Total Dhamaal is a mad adventure comedy about money. Guddu, a small time crook gets double-crossed by his own colleague, Pintu, after they have managed to get their hands on an illegal booty. Guddu & his sidekick Johnny manage to trace his colleague but only after Pintu has given the information of the booty to 3 other groups i.e. Avinash & Bindu – a bickering couple about to be divorced; Lallan & Jhingur – Fire Officers turned offenders & two weird siblings Aditya & Manav. All of them refuse Guddu’s offer to distribute the money and the race to reach the booty first begins. Finally after many ups & downs all reach the designated place. But it’s not as easy as it seems. Is there any truth about the hidden booty? Or are all of them being fooled? After a day full of life changing, near death experiences, will the adventure ever end or another one begin?
“We expect this film to appeal to the hardcore Bollywood audiences who are into the comedy genre of films,” noted FIP’s Rohit Sharma. “The appeal of the film is more for the South Asian sub-continent audiences and we are using the popular TV, radio, print and digital platforms to market this film.”
Consistent with its simultaneous worldwide release strategy, Sharma added that Bollywood titles “that work in India generally work across Indian sub-continent diaspora audiences.” Messaging is targeted toward South Asian groups through Indian pay TV channels, local Indian cable stateside along with print and radio programs popular with South Asian.
FIP is opening Total Dhamaal in 203 locations in North America.
Director-writer: Suzannah Herbert
Co-director-writer: Lauren Belfer
Subjects: Chris Scribner, Jalien, Young Jamario Rowe, Teague Berres, Jaquan Rhodes
Wrestle director Suzannah Herbert and co-director Lauren Belfer met while working on documentary Rolling Thunder Revue: A Bob Dylan Story by Martin Scorsese. During a break in production, Herbert was looking out for Southern stories. “I heard about this wrestling team that had been getting local attention,” said Herbert. “They had only been wrestling for [a few] years but they were beating well-funded teams that had been around much longer.”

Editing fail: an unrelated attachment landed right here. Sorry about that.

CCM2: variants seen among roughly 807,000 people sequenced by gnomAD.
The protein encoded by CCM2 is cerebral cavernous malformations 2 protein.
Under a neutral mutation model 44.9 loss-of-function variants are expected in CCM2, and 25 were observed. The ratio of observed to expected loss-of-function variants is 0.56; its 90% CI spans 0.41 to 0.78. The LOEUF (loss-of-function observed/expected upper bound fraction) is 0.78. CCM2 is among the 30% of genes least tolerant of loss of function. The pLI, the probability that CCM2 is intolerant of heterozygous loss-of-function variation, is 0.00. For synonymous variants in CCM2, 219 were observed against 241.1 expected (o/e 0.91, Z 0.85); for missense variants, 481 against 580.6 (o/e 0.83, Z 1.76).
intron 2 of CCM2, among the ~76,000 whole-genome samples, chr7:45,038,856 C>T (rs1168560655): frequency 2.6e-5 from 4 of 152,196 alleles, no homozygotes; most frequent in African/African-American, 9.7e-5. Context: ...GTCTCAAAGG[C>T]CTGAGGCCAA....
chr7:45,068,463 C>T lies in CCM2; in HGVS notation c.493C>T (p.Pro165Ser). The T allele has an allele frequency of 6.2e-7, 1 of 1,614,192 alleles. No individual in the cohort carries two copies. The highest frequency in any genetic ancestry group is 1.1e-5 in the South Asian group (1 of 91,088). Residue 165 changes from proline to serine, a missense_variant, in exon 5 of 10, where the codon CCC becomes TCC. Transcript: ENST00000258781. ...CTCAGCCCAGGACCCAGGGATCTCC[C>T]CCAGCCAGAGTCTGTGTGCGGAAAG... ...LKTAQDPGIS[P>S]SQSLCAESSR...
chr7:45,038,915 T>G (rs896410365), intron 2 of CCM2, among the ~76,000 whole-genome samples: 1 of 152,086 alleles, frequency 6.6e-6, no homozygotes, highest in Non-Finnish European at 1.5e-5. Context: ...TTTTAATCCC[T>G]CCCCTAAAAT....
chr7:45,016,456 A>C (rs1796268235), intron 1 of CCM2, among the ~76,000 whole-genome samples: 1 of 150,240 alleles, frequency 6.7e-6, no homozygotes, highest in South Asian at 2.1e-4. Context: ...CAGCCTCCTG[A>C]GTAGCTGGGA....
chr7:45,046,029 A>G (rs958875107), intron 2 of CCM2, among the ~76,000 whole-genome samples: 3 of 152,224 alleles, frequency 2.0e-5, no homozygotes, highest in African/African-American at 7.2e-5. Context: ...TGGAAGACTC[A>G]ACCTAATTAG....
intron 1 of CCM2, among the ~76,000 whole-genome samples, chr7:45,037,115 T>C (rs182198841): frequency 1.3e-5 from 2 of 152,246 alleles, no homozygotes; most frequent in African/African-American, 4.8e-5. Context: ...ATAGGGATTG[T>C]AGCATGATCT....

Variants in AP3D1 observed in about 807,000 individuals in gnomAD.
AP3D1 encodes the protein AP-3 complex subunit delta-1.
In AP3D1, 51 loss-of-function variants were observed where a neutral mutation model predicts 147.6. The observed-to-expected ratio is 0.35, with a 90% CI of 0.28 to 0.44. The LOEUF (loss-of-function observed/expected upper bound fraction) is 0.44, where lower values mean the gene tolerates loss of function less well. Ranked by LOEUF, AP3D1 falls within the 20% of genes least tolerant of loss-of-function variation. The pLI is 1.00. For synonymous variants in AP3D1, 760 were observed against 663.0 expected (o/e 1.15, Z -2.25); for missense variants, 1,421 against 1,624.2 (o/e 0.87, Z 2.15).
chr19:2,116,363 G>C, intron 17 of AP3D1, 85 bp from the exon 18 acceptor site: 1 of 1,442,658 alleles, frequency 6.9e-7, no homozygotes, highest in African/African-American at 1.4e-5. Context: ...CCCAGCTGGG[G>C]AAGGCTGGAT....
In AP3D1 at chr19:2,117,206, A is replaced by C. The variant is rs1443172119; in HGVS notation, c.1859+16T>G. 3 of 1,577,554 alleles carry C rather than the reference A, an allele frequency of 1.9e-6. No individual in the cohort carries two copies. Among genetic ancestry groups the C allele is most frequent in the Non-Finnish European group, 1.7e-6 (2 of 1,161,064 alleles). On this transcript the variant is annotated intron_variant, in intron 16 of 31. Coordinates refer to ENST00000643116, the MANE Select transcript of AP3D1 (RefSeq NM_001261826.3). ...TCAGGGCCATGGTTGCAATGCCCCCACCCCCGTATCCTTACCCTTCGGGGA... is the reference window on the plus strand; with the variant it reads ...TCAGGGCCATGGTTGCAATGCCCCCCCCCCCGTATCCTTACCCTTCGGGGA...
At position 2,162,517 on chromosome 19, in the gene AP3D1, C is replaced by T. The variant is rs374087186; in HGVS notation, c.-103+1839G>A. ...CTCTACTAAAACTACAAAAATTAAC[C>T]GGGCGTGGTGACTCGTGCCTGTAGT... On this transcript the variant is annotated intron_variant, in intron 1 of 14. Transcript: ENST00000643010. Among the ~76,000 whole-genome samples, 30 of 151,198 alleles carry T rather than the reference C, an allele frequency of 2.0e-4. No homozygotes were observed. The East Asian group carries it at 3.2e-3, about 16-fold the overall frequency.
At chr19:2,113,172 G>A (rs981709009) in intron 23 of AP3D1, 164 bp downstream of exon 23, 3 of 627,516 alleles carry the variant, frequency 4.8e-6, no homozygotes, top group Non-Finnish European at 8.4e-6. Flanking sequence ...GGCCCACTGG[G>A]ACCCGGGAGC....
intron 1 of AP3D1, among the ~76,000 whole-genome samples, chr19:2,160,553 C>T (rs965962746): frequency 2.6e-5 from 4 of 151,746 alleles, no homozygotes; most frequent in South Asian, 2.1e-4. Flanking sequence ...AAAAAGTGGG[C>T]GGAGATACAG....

The duo took a trip to Alabama to meet the team and were struck by their personal stories. The school itself was also an underdog. The school had been consistently underperforming academically and slated to be closed. “Of course we didn’t have money raised, but this was going to be the school’s final year,” said Belfer. “We moved down to Alabama when the season opened in 2015.”
Wrestle is a coming-of-age documentary about four members of a high-school wrestling team at Huntsville’s J.O. Johnson High School, a longstanding entry on Alabama’s list of failing schools. Coached by teacher Chris Scribner, teammates Jailen, Jamario, Teague, and Jaquan each face challenges far beyond a shot at the State Championship: splintered family lives, drug use, teenage pregnancy, mental health struggles, and run-ins with the law threaten to derail their success on the mat and lock any doors that could otherwise open. Tough-love coach Scribner isn’t off the hook, either; he must come to terms with his own past conflicts while unwittingly wading into the complexities of race, class and privilege in the South.
Suzannah Herbert and Lauren Belfer stayed the entire school year, though the school district had some reservations. “The district was worried that the film would be about the school and they didn’t want us to make a film about a problem they had already addressed,” said Herbert. “So we did have limited access during the day. The team itself was getting such attention, though, that they did recognize the value in us highlighting their work. The school is a backdrop.”
Their project eventually concentrated on four of the teens. Herbert’s sister loaned some money and she supplemented it with some savings to get the production up and running. Later a trailer was made and Seth Gordon and Steven Klein came on as producers. Said Belfer: “We were in the throws of production in Alabama by then and not able to raise money, so it was very helpful that we had advocates.”